Written evidence submitted by Professor Jack Stilgoe, UCL, Professor Alan Winfield, UWE, Dr Chris Tennant, UCL, Professor Peter Jones, UCL, Professor Graham Parkhurst, UWE and Dr Sally Stares, City University of London (SDV0009)


Driverless Futures? ran from 2019-2022, funded by the Economic and Social Research Council. The project (https://driverless-futures.com/) was a collaboration between UCL, UWE Bristol and City, University of London, with researchers from science and technology studies, robot ethics and transport studies. In addition, Jack Stilgoe been working with the Centre for Data Ethics and Innovation and Centre for Connected and Autonomous Vehicles to advise on ethical rules for AVs, following the Law Commissions’ review. He is a co-investigator on the new Responsible AI for Long-term Trustworthy Autonomous Systems (RAILS) project, funded by the Engineering and Physical Sciences Research Council.


We welcome the Committee’s new inquiry and would be happy to help. In this submission, we present those project findings that seem most relevant.


The research on which this submission is based includes one large public dialogue exercise (report here: https://sciencewise.org.uk/projects/connected-and-autonomous-vehicles/) (another public dialogue exercise funded by CCAV is ongoing), 50 expert interviews with developers and stakeholders and a survey of more than 4,000 members of the UK public (supplemented by a small sample of experts taking the same survey (n=80) and a sample of the US public (n=1,800); full reports here: https://driverless-futures.com/2022/05/09/survey-reports/).


Our response uses the headings provided in the call for evidence:



The US has led the way in SDV development and cars have been the priority vehicle. The developers’ priority has been the technical question of how to get a vehicle to drive itself rather than the possible use cases for the technology. Public views should be at the heart of good policy for SDVs. Our survey asked people to engage with the possibilities of SDVs as potential users but also as citizens.


There is public scepticism that the technology would bring widespread benefits. 71% of UK respondents agree that the companies developing the technology will be the primary beneficiaries, and only 13% of people agree that poor people will benefit more than the rich. Respondents tend to think that the technology would make more sense for public transport rather than for private vehicles. Of seven different suggested transportation modes, only self-driving buses (shuttle or regular buses) and small delivery pods are considered useful by a majority, while self-driving taxis, self-driving private cars, car clubs and self-driving lorries are more likely to be rated not useful than to be rated useful. This preference for public transport deployment of the technology is weaker amongst the US respondents, who also tended to rate the seven different modes of deployment more highly.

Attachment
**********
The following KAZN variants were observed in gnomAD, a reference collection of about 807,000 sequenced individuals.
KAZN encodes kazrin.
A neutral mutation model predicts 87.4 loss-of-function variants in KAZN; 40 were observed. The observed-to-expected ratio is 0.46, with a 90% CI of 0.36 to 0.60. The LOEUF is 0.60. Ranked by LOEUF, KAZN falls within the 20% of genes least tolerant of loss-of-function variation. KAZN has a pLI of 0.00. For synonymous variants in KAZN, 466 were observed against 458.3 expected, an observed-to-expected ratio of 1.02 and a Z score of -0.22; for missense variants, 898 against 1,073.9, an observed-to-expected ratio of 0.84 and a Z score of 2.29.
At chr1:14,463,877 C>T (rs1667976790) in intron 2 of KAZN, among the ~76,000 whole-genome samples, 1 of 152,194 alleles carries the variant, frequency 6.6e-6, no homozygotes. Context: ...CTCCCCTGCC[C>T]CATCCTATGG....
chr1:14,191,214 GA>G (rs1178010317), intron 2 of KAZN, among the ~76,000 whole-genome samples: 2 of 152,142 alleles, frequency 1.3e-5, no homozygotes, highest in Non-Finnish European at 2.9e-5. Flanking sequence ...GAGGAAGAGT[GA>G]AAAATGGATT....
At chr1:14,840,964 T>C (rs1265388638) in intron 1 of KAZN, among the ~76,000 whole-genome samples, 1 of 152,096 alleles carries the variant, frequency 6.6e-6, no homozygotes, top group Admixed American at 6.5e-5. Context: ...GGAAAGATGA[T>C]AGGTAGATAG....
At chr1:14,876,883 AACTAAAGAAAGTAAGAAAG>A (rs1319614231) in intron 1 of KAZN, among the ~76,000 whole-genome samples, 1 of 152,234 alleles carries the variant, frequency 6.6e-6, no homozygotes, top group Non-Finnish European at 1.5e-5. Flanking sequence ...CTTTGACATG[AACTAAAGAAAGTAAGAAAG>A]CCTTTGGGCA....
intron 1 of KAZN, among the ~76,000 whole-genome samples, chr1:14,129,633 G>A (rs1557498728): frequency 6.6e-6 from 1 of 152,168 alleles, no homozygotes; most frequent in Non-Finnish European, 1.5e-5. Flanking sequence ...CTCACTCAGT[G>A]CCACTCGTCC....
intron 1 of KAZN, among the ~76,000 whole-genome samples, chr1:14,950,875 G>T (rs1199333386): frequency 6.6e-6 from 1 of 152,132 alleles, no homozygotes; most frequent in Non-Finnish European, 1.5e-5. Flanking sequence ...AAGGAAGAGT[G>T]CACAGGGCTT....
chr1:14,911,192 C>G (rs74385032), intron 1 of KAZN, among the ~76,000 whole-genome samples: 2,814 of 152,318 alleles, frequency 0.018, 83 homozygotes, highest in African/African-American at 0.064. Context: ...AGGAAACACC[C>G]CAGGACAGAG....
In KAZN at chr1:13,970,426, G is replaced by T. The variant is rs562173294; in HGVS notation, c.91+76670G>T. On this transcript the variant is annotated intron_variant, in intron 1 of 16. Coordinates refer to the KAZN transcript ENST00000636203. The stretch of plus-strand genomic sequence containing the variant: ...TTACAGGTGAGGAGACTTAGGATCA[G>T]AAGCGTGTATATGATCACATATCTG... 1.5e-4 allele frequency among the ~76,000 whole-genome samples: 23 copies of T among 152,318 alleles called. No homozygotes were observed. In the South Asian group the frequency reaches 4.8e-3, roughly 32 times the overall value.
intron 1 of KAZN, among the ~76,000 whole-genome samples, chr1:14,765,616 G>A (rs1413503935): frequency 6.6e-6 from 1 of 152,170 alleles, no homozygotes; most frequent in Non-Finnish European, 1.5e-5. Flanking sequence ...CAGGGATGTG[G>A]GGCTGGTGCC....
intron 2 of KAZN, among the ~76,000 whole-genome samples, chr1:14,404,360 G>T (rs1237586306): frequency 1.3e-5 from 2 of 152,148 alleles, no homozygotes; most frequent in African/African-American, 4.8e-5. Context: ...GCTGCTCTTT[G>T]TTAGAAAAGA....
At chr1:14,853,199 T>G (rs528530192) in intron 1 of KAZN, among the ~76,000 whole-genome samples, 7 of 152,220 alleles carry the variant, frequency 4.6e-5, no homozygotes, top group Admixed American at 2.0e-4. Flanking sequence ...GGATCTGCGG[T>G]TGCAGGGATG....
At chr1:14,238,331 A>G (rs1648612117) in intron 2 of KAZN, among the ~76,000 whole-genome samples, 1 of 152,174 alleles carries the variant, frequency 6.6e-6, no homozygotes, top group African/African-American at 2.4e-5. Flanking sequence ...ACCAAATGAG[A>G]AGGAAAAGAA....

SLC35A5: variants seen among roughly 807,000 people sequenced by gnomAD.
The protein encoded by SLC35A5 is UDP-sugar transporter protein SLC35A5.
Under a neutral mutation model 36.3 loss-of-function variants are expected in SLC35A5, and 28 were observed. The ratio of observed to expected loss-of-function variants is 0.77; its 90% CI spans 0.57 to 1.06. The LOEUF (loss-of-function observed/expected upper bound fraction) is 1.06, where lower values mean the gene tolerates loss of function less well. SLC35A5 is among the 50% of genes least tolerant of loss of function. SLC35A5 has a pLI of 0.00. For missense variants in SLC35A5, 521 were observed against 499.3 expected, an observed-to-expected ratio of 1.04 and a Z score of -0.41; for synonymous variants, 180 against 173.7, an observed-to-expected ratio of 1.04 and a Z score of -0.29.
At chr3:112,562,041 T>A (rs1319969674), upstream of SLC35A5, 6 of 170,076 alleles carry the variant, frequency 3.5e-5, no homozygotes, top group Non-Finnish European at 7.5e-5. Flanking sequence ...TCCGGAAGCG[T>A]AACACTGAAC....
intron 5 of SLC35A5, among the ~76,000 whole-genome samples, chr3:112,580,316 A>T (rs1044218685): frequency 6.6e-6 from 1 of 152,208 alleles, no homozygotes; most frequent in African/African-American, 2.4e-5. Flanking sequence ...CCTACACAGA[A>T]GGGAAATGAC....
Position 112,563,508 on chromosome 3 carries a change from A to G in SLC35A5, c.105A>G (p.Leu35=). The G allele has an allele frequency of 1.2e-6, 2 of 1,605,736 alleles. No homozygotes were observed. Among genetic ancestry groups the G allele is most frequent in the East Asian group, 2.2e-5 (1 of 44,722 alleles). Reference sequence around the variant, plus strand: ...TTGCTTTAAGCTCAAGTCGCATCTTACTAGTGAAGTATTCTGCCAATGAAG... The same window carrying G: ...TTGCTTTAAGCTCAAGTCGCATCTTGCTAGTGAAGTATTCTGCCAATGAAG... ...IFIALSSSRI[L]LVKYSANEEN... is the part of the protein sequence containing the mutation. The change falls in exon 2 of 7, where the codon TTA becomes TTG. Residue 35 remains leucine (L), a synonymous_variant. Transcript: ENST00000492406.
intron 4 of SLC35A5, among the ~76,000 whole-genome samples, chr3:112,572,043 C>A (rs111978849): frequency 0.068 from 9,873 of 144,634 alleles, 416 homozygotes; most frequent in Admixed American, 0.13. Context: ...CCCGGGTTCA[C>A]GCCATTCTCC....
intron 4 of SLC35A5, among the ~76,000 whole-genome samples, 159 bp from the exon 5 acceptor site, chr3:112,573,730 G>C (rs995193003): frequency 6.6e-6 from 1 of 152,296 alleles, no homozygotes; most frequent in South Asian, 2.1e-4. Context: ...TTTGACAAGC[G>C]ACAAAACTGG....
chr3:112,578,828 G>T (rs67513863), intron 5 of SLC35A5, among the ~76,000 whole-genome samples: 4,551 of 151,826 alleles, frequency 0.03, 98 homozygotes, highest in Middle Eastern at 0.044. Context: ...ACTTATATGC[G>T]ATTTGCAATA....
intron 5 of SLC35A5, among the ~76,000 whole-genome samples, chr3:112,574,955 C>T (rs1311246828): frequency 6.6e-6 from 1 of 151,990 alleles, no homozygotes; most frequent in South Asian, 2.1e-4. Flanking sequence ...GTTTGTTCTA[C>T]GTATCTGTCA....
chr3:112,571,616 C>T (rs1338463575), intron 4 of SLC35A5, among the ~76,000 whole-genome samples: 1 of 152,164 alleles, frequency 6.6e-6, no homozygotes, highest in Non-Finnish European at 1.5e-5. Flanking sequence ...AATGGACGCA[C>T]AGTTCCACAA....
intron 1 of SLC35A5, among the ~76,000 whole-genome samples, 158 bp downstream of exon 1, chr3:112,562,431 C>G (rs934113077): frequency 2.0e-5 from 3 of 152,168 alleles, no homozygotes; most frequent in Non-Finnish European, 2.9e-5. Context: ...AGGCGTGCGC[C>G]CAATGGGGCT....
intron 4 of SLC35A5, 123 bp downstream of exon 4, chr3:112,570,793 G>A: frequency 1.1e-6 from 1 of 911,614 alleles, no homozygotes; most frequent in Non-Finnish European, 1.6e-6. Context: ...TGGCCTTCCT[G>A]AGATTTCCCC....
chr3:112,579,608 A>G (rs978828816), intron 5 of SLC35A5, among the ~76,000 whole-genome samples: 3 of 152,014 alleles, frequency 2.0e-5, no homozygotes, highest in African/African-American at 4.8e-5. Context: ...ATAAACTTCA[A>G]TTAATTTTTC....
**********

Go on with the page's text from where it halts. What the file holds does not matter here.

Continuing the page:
In 2015, the Council for Science and Technology recommended the establishment of a ‘real-world lab’ within the UK.[1] At the same time, the Government published a code of practice for testing AVs.[2]  A 2017 Act of Parliament sought to ‘ensure the next wave of self-driving technology is invented, designed and operated safely in the UK’. The Government’s Centre for Connected and Autonomous Vehicles has enabled a series of trials to take place in the UK. UK start-ups such as Wayve, Five AI and Oxbotica have tested their technologies on public roads. Meanwhile, trials in some parts of the US, notably Phoenix and San Francisco, have expanded rapidly. Waymo and Cruise have turned their trials into de facto deployments. Waymo now have more than 700 vehicles equipped for self-driving. In the US, some Tesla customers have been enrolled in a poorly-regulated trial of their latest software – FSD Beta – with little guidance and few rules governing its use. In a 2022 earnings call, Tesla claimed that 100,000 drivers had access to the software, which had driven more than 35 million cumulative miles.[3]



The dominant narrative surrounding self-driving vehicles is that they will drive like humans (but more safely), on roads and with signage that is currently designed to be human-readable. The reality is that SDVs will have multiple dependencies and conditions that define their safe operation.[4] SDVs require, and will continue to benefit from, particular road types, highly maintained traffic signs and road markings, smart infrastructures and high-definition digital maps. In the future, as SDVs prove themselves in easy road environments, pressure will be exerted on other places to upgrade their infrastructures to accommodate vehicles. Infrastructure planners will need to consider, in deciding upon upgrades, whether such investments will provide wider benefits across modes of transport, or if the benefits will accrue disproportionately to developers and users of SDVs. There are particular issues for low-technology modes of road use, notably walking and cycling, that cannot easily be brought into the vehicle-to-vehicle connectivity scenarios that some mobility futurists imagine.